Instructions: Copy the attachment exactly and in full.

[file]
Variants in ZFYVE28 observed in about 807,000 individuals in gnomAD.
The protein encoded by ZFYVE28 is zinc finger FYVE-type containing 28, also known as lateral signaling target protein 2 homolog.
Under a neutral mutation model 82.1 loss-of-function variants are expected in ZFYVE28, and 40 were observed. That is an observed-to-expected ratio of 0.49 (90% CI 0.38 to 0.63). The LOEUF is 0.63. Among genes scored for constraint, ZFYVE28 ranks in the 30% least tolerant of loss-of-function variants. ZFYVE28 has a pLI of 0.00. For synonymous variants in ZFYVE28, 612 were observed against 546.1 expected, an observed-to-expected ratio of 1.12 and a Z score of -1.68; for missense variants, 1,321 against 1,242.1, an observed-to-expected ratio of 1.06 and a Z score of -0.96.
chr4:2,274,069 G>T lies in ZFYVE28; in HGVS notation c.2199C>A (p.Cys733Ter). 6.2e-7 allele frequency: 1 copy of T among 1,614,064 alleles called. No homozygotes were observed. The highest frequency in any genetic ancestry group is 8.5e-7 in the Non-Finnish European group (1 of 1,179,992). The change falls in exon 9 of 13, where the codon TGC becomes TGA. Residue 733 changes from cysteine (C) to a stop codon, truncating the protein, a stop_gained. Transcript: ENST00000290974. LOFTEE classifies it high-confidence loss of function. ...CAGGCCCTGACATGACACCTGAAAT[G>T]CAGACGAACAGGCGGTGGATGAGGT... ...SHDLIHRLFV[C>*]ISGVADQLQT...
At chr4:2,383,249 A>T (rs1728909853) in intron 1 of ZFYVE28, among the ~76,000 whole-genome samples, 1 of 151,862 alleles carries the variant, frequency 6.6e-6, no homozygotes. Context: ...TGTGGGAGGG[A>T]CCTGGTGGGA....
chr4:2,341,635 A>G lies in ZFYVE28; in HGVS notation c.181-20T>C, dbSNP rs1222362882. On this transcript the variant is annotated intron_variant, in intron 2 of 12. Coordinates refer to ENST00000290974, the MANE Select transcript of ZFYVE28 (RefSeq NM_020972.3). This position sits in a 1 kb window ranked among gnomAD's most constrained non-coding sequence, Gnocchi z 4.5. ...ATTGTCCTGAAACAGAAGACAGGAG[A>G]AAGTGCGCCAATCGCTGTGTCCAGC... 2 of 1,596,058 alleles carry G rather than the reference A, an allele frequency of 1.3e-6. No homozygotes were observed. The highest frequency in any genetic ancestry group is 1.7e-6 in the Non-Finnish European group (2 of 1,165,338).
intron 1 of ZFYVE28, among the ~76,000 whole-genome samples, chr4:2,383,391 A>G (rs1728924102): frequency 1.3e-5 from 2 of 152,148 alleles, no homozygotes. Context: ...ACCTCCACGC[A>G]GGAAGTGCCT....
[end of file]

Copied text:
Variants in ZFYVE28 observed in about 807,000 individuals in gnomAD.
The protein encoded by ZFYVE28 is zinc finger FYVE-type containing 28, also known as lateral signaling target protein 2 homolog.
Under a neutral mutation model 82.1 loss-of-function variants are expected in ZFYVE28, and 40 were observed. That is an observed-to-expected ratio of 0.49 (90% CI 0.38 to 0.63). The LOEUF is 0.63. Among genes scored for constraint, ZFYVE28 ranks in the 30% least tolerant of loss-of-function variants. ZFYVE28 has a pLI of 0.00. For synonymous variants in ZFYVE28, 612 were observed against 546.1 expected, an observed-to-expected ratio of 1.12 and a Z score of -1.68; for missense variants, 1,321 against 1,242.1, an observed-to-expected ratio of 1.06 and a Z score of -0.96.
chr4:2,274,069 G>T lies in ZFYVE28; in HGVS notation c.2199C>A (p.Cys733Ter). 6.2e-7 allele frequency: 1 copy of T among 1,614,064 alleles called. No homozygotes were observed. The highest frequency in any genetic ancestry group is 8.5e-7 in the Non-Finnish European group (1 of 1,179,992). The change falls in exon 9 of 13, where the codon TGC becomes TGA. Residue 733 changes from cysteine (C) to a stop codon, truncating the protein, a stop_gained. Transcript: ENST00000290974. LOFTEE classifies it high-confidence loss of function. ...CAGGCCCTGACATGACACCTGAAAT[G>T]CAGACGAACAGGCGGTGGATGAGGT... ...SHDLIHRLFV[C>*]ISGVADQLQT...
At chr4:2,383,249 A>T (rs1728909853) in intron 1 of ZFYVE28, among the ~76,000 whole-genome samples, 1 of 151,862 alleles carries the variant, frequency 6.6e-6, no homozygotes. Context: ...TGTGGGAGGG[A>T]CCTGGTGGGA....
chr4:2,341,635 A>G lies in ZFYVE28; in HGVS notation c.181-20T>C, dbSNP rs1222362882. On this transcript the variant is annotated intron_variant, in intron 2 of 12. Coordinates refer to ENST00000290974, the MANE Select transcript of ZFYVE28 (RefSeq NM_020972.3). This position sits in a 1 kb window ranked among gnomAD's most constrained non-coding sequence, Gnocchi z 4.5. ...ATTGTCCTGAAACAGAAGACAGGAG[A>G]AAGTGCGCCAATCGCTGTGTCCAGC... 2 of 1,596,058 alleles carry G rather than the reference A, an allele frequency of 1.3e-6. No homozygotes were observed. The highest frequency in any genetic ancestry group is 1.7e-6 in the Non-Finnish European group (2 of 1,165,338).
intron 1 of ZFYVE28, among the ~76,000 whole-genome samples, chr4:2,383,391 A>G (rs1728924102): frequency 1.3e-5 from 2 of 152,148 alleles, no homozygotes. Context: ...ACCTCCACGC[A>G]GGAAGTGCCT....